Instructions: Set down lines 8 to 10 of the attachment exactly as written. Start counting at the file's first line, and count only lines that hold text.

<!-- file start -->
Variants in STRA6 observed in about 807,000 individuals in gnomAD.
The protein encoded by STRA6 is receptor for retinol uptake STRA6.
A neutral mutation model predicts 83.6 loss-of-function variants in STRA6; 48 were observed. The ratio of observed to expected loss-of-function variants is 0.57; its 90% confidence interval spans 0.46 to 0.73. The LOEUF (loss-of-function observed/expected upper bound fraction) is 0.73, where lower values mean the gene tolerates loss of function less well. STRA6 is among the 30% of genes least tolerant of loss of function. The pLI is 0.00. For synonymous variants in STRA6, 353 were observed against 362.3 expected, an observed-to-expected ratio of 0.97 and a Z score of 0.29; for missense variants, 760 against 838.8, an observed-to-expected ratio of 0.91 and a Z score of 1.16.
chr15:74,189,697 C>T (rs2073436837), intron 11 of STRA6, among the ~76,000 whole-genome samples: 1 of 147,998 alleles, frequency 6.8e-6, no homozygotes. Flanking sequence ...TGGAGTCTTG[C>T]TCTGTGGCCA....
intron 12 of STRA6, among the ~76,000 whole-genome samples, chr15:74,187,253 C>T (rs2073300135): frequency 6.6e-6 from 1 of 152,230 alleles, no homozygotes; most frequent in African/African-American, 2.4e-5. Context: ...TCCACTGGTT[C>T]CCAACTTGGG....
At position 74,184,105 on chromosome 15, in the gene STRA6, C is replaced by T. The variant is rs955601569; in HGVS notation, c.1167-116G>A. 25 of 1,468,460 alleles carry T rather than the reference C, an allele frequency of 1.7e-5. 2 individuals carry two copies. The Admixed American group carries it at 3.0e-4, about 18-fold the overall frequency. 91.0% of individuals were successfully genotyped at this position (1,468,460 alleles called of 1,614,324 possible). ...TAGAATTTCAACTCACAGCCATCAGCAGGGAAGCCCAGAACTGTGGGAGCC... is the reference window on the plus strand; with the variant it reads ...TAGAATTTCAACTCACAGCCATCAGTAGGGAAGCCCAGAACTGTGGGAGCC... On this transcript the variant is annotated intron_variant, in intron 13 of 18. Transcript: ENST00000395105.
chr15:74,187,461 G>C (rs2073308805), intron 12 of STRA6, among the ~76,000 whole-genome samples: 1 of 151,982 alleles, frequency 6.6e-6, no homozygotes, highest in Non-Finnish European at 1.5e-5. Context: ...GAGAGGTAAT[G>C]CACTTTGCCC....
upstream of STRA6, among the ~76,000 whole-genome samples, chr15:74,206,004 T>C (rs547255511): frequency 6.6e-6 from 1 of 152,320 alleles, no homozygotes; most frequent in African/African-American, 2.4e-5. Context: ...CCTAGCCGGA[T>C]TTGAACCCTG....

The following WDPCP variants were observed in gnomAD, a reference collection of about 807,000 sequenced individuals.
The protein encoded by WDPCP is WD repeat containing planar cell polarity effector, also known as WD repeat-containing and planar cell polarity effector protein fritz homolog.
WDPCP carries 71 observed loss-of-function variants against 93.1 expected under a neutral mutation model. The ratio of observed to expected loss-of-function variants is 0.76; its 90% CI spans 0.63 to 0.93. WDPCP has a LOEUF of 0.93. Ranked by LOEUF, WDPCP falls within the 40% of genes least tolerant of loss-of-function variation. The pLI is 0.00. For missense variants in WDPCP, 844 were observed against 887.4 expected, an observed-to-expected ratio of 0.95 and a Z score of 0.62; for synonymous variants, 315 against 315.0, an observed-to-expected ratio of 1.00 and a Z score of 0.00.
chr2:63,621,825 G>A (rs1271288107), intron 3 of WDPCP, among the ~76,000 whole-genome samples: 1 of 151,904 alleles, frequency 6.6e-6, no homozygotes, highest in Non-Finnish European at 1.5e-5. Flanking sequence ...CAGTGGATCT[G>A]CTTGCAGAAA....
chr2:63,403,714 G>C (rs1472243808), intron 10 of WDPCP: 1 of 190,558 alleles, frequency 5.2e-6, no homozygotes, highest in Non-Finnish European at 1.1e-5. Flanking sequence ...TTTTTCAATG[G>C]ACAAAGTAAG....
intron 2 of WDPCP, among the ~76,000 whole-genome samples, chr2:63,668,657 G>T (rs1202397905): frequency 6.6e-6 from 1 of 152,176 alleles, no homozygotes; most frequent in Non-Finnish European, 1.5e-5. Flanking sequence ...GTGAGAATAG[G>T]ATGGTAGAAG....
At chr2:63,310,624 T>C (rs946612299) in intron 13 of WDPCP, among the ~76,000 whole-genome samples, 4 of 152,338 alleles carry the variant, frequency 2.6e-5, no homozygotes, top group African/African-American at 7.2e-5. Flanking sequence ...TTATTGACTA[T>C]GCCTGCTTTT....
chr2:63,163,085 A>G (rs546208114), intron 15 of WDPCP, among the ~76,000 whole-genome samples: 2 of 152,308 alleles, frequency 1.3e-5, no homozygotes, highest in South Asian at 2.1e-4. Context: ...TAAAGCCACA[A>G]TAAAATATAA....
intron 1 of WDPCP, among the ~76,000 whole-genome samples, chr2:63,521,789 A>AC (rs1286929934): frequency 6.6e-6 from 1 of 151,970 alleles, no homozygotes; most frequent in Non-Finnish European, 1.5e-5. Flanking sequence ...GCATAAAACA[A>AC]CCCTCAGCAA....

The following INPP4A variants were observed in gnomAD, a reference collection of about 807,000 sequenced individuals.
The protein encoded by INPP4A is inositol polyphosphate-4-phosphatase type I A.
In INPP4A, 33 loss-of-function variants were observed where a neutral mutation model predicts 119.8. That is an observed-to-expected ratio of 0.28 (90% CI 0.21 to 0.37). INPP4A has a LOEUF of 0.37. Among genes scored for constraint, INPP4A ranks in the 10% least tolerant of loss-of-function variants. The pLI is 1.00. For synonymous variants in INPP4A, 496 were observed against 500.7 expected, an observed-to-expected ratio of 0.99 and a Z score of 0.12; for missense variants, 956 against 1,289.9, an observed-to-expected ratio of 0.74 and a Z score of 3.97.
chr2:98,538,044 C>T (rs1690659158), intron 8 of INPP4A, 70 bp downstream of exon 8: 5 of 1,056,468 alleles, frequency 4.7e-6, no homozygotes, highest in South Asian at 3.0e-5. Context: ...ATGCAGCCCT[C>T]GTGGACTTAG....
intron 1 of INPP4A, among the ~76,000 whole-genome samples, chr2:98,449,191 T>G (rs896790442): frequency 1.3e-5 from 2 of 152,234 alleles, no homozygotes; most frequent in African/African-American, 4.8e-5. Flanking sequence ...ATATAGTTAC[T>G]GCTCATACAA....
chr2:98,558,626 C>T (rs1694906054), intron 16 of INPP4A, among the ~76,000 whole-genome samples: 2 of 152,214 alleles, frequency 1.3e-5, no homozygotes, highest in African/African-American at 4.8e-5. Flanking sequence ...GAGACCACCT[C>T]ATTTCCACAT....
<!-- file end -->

upstream of STRA6, among the ~76,000 whole-genome samples, chr15:74,206,004 T>C (rs547255511): frequency 6.6e-6 from 1 of 152,320 alleles, no homozygotes; most frequent in African/African-American, 2.4e-5. Context: ...CCTAGCCGGA[T>C]TTGAACCCTG....

The following WDPCP variants were observed in gnomAD, a reference collection of about 807,000 sequenced individuals.
The protein encoded by WDPCP is WD repeat containing planar cell polarity effector, also known as WD repeat-containing and planar cell polarity effector protein fritz homolog.